---- — It may seem odd for someone who graduated from Purdue University with a degree in communications to defend the Indiana University Ernie Pyle School of Journalism.
Well, it’s happening here today.
If you think that’s odd, you might think the fact that Indiana University officials are considering the elimination of Ernie Pyle’s name from one of the best journalism schools in the nation odder still. We all should.
One of the reasons for a change has to do with merging curriculum under one tent which is somehwat understandable. But eliminating the Ernie Pyle name in the process and downshifting the significance of journalism on the Bloomington campus just isn’t.
There is reason to have respect for the job that Indiana University President Michael McRobbie has done in his tenure in Bloomington. He has righted a foundering ship that only a half dozen years ago had IU alums up in arms. He has done a commendable job of raising the university’s share of government research funding. But as someone who was not born in this country, he apparently lacks real appreciation for the First Amendment of our Constitution or the American role in the world.
If anything, McRobbie and Indiana officials should be embracing the Ernie Pyle name in journalism at a time when more foreign correspondents are needed, when 67 died on the job in other lands last year alone, and when the Internet has made us all closer to the other side of the world than we have ever been. Ernie Pyle opened that door for newspaper readers in the 1930s and 1940s before he was killed while covering World War II. Much of what he did wasn’t glamorous, but it was essential to understanding why Americans by the thousands were being shipped all over the world, and why many of them were coming back in boxes. It was a difficult story to tell, but it was the story of the nation’s “greatest generation” as Tom Brokaw called it. Ernie Pyle was part of that generation.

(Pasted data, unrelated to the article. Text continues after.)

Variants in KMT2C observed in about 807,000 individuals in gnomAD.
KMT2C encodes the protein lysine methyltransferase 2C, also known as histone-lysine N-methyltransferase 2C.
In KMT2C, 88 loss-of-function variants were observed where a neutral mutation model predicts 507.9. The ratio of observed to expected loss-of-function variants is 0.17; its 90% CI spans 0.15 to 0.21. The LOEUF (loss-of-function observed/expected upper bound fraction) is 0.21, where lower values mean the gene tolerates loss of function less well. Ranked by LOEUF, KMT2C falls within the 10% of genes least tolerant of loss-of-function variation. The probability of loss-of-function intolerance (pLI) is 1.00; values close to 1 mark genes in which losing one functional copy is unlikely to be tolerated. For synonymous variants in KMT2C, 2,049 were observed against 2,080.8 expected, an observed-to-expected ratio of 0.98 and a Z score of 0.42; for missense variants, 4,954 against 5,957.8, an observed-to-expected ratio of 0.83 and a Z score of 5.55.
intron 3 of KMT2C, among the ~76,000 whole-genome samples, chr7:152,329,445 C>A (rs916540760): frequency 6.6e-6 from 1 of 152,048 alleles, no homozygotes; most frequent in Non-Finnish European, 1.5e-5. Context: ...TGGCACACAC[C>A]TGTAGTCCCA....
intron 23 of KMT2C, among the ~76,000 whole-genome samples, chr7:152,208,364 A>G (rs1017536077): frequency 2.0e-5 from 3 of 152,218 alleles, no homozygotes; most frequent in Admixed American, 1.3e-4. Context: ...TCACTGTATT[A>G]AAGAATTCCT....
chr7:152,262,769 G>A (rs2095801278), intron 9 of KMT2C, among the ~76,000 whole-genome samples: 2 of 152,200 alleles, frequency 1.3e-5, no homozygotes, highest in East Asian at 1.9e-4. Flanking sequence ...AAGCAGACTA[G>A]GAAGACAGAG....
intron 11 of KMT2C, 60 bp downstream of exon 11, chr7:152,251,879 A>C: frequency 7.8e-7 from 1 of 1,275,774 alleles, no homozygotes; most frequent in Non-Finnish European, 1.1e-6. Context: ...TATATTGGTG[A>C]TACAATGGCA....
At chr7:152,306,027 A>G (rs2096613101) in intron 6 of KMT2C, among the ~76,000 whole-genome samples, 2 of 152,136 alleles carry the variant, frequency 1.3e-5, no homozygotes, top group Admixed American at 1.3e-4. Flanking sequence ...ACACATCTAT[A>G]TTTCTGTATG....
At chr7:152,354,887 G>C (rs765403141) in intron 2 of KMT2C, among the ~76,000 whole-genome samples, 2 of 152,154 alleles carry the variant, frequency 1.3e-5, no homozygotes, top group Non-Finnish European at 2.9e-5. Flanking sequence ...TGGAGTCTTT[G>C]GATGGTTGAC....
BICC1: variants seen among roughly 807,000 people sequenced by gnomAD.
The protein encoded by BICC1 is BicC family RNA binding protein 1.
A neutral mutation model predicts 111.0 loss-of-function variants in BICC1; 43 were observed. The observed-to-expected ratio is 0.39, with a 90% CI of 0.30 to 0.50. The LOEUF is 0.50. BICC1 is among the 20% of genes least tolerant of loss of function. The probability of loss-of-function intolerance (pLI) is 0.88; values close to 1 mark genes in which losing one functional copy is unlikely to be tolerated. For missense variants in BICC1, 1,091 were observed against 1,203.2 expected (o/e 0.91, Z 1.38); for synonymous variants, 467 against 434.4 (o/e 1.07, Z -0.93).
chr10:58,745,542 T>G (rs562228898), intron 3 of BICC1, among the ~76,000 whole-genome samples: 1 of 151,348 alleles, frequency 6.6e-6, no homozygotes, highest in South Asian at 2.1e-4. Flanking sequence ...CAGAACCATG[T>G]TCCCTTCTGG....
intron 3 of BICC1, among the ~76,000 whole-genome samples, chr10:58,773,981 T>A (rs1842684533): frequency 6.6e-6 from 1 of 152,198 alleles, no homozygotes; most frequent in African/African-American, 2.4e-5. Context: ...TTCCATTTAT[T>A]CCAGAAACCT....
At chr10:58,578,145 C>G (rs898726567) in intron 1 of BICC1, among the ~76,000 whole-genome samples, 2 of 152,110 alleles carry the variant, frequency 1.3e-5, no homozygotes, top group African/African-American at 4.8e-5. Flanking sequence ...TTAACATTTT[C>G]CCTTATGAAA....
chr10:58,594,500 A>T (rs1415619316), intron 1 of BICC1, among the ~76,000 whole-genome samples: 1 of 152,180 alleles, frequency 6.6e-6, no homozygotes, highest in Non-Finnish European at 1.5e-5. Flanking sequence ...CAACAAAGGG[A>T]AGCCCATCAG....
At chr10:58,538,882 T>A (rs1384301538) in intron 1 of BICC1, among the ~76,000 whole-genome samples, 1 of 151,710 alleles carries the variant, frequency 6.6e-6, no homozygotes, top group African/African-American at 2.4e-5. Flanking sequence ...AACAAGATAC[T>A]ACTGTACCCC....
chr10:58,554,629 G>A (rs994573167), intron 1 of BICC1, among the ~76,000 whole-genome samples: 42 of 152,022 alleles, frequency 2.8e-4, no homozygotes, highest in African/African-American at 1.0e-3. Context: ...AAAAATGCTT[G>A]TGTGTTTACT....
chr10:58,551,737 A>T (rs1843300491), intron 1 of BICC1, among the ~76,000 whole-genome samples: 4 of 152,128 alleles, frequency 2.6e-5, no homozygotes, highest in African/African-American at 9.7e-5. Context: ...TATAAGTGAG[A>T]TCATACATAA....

His significance to journalism is so intertwined with his craft that April 18, the day he died in the South Pacific, is the day recognized in the industry as National Columnist Day — a day to toast what Ernie Pyle did for journalism and we all should do remember his contributions. Apparently that designation didn’t make the desk calendars in McRobbie’s office.
They don’t make movies about bloggers. They made one about Ernie Pyle, who won a Pulitzer Prize. Think how many journalists you’ve watched on television, heard on radio newscasts or read about from foreign bylines. How many of them you knew ever died on the job? Ernie did, and he didn’t have to die. He wasn’t drafted. He was just an American trying to do an American thing for the It should be noted, as IU alum Jim Stinson reported last week, that IU journalism grads can claim another 33 Pulitzer Prizes as well. McRobbie and IU trustees may be slamming the door that opened many doors for Indiana journalists.
Why IU apparently doesn’t want to claim Pyle as its most prestigious journalism alum any longer is a mystery, but not unusal in an era when universities are eager to strip names off buildings and schools so that a wealthy donor can write a check and get a tax write-off from the self-aggrandizing validation of seeing their name on a college building.
It’s not unusual to give up on a successful program. Just a few years ago, Northwestern University closed its dental school. It wasn’t done because people don’t need dentists anymore. It simply wasn’t cost effective for a private university to operate. But what’s cost effective and what’s a public responsibility are not necessarily the same things in public universities as they are in private schools. Can you imagine IU dumping its dental school? I can’t. As a state university, it has a public responsibility to teach people to be dentists. Closing that school would be a matter that should be taken seriously. Eliminating the Pyle name from the IU journalism school should be taken, at the least, more seriously.
In my own tenure as a full-time journalist, I installed a famous quote by Thomas Jefferson on the Opinion Page. Jefferson mused that if he were forced to choose between a government without newspapers or newspapers without a government, he would not hesitate to choose the latter. By considering the elimination of Ernie Pyle’s name from one of the signature schools on the Bloomington campus and one of the top journalism schools in the country, IU officials are barely hesitating to prefer the opposite of what Jefferson wanted.
One of the most famous quotes about war reporting is that in war, truth is the first casualty. In the saga unfolding in Bloomington with this pending decision, the reputation of the most famous war correspondent this nation has ever known may be the last casualty associated with his name.
Dave Kitchell is a columnist for the Pharos-Tribune. He can be reached at email@example.com.